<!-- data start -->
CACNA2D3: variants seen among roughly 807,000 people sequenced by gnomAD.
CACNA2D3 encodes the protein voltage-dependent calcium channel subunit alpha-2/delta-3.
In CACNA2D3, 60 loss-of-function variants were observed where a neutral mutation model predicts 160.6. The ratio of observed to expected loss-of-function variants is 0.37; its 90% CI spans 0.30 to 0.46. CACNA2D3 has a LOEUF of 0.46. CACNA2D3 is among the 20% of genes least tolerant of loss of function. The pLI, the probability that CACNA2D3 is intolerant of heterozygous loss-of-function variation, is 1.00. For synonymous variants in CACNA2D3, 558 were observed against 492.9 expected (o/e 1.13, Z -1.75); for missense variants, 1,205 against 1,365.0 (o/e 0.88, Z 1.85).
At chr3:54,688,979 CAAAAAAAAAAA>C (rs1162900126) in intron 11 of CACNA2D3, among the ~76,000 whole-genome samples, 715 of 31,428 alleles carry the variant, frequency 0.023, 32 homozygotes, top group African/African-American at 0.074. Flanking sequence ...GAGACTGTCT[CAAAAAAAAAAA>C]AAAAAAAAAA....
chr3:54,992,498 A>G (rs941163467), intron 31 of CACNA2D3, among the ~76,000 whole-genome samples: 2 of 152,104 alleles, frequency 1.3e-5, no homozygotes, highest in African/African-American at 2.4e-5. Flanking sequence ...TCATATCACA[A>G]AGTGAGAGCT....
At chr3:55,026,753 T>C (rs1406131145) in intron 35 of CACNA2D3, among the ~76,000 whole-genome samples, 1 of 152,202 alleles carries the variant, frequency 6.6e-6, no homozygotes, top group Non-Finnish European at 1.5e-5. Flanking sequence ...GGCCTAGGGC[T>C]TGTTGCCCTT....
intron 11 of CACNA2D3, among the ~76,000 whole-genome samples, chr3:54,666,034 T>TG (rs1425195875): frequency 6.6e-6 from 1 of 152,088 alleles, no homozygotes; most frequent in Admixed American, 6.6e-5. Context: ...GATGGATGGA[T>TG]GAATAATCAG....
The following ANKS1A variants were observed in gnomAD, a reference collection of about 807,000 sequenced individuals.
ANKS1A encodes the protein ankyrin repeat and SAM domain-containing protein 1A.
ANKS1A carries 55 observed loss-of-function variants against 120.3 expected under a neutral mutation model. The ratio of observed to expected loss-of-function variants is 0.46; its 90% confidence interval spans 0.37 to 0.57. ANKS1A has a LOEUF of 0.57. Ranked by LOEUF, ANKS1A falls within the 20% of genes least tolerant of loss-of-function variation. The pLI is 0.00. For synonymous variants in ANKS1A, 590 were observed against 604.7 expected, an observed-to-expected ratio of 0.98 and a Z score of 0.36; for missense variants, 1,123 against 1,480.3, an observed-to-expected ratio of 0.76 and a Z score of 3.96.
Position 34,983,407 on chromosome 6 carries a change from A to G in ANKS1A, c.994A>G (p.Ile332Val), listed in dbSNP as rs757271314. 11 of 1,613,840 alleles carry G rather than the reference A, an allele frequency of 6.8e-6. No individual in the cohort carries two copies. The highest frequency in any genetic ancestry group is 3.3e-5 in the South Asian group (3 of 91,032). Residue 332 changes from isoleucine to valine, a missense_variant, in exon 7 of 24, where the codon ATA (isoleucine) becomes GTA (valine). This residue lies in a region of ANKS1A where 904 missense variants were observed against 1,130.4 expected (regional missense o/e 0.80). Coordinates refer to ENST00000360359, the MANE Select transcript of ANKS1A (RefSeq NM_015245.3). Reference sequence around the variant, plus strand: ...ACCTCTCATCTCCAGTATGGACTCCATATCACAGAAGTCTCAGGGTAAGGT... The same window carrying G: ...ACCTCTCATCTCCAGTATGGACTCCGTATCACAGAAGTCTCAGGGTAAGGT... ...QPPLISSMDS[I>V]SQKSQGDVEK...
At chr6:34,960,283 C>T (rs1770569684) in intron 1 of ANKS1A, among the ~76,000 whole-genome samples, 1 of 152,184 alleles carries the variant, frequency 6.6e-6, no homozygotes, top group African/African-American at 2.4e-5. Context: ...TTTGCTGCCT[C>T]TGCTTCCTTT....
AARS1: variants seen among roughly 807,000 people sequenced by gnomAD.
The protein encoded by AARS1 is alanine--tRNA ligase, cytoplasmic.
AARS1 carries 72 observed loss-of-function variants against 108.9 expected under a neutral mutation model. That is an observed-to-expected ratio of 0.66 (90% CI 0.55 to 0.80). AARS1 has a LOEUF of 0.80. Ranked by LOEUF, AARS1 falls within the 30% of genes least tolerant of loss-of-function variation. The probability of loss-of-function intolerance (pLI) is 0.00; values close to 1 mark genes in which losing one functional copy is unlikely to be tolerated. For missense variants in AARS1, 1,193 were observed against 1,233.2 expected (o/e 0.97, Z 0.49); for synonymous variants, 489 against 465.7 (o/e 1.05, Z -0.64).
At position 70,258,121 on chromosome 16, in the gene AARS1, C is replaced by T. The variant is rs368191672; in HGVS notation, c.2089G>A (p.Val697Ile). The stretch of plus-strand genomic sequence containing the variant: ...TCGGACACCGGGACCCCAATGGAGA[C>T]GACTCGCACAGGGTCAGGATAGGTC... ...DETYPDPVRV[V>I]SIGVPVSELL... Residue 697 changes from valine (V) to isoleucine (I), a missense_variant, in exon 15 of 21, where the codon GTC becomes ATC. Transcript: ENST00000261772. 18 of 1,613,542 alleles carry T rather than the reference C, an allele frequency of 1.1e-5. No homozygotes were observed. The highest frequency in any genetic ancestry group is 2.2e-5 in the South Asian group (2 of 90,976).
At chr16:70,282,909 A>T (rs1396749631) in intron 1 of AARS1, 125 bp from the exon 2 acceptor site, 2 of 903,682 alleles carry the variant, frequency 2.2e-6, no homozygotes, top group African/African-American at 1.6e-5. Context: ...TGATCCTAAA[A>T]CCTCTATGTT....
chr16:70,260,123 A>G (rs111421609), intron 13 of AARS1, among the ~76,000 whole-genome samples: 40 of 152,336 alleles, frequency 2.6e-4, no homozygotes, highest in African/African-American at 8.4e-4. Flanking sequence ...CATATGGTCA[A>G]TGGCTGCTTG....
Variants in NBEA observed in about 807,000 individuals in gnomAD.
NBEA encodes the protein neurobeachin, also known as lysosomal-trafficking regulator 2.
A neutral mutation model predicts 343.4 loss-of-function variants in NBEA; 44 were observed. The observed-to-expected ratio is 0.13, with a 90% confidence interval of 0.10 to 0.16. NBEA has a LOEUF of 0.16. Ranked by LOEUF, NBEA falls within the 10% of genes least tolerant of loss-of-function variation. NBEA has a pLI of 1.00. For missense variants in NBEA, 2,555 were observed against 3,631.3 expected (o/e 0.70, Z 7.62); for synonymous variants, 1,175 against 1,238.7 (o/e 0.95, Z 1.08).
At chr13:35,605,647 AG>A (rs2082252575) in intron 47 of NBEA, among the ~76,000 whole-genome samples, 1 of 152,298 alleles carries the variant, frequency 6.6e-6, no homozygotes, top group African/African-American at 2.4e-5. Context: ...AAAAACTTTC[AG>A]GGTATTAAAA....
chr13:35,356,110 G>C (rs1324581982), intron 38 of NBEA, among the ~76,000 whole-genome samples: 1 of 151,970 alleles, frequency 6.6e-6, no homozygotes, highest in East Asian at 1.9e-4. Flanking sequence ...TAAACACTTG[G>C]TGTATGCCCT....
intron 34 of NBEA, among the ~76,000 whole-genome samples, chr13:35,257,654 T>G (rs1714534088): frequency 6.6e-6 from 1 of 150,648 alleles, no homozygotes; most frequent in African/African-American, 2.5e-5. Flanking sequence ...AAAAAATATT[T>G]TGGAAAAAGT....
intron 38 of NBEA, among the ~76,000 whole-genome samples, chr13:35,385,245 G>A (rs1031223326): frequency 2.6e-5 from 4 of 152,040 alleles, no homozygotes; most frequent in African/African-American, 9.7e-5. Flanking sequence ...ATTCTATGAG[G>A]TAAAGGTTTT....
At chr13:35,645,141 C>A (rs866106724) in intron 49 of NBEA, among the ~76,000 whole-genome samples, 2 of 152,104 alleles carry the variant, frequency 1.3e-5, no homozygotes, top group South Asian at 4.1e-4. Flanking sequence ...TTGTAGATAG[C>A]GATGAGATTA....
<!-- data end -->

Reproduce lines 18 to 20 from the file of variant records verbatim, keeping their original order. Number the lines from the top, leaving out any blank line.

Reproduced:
chr16:70,260,123 A>G (rs111421609), intron 13 of AARS1, among the ~76,000 whole-genome samples: 40 of 152,336 alleles, frequency 2.6e-4, no homozygotes, highest in African/African-American at 8.4e-4. Flanking sequence ...CATATGGTCA[A>G]TGGCTGCTTG....
Variants in NBEA observed in about 807,000 individuals in gnomAD.
NBEA encodes the protein neurobeachin, also known as lysosomal-trafficking regulator 2.